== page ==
Acupuncture in Pregnancy

Introduction

Pregnancy acupuncture in Exeter.This section is intended to tell you more about receiving acupuncture in pregnancy. Many women now know that acupuncture can be very helpful for morning sickness, but it is capable of assisting in many other areas too. So please read on, and I will try to answer some of the most common questions.

Firstly, acupuncture is a safe, drug-free treatment ideally suited to pregnancy, and it is actually capable of dealing with a multitude of conditions which can arise. This is why for example, the Whittington NHS Hospital in North London set up its Maternity Acupuncture Service in 2005. The hospital finds that women who opt for acupuncture undergo fewer surgical interventions and spend less time there.

Conditions Frequently Treated

Complaints commonly treated in pregnancy include nausea and vomiting (see more on this below), fatigue, insomnia, heartburn, constipation, lower back pain, sciatica, carpal tunnel syndrome, symphysis pubis pain (also known as SPD pain), itching, anxiety and depression.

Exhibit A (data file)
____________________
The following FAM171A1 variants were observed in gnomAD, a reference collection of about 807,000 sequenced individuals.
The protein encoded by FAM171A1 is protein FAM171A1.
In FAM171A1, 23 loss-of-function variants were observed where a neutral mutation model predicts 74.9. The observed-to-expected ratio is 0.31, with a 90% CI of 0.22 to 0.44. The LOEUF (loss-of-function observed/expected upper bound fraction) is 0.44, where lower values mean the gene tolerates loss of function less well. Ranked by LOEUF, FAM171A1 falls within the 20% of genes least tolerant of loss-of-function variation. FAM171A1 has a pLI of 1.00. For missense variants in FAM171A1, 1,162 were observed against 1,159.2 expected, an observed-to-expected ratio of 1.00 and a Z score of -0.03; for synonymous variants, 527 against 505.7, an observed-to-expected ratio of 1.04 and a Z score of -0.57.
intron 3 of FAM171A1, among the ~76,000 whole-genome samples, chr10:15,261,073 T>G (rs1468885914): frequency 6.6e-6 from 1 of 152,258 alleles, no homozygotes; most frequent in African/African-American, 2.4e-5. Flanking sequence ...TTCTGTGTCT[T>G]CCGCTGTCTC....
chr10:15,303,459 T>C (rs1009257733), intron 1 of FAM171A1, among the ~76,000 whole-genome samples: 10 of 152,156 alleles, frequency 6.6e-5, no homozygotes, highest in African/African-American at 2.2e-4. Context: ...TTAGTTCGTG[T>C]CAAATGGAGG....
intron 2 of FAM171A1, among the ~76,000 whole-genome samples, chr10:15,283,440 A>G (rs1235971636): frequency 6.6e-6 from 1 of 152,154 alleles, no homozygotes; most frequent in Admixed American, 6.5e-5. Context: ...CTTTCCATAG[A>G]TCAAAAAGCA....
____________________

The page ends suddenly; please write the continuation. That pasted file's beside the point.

Morning sickness is a symptom which has been described by Chinese doctors in their medical texts for centuries: Zhu Dan Xi wrote on it in 1347, and The Foundations of Medicine described its causes in 1575. Whereas in western medicine there is just “morning sickness”, in acupuncture, by questioning and examination, we refine our diagnosis to one of six different kinds of morning sickness. From this follows the best choice of acupuncture points, and the most appropriate self-help advice. To see a patient’s experience of acupuncture for morning sickness, go to http://youtu.be/tbJWrMt05LU .

There are also other conditions about which women enquire. Breech presentation is one. Provided a case seems suitable, I will show women a treatment which from week 34, they can administer themselves at home. (See the research article below, entitled “Treatment of Breech Presentation”.)

Preparation for Labour

Teaching acupressure to assist in labour.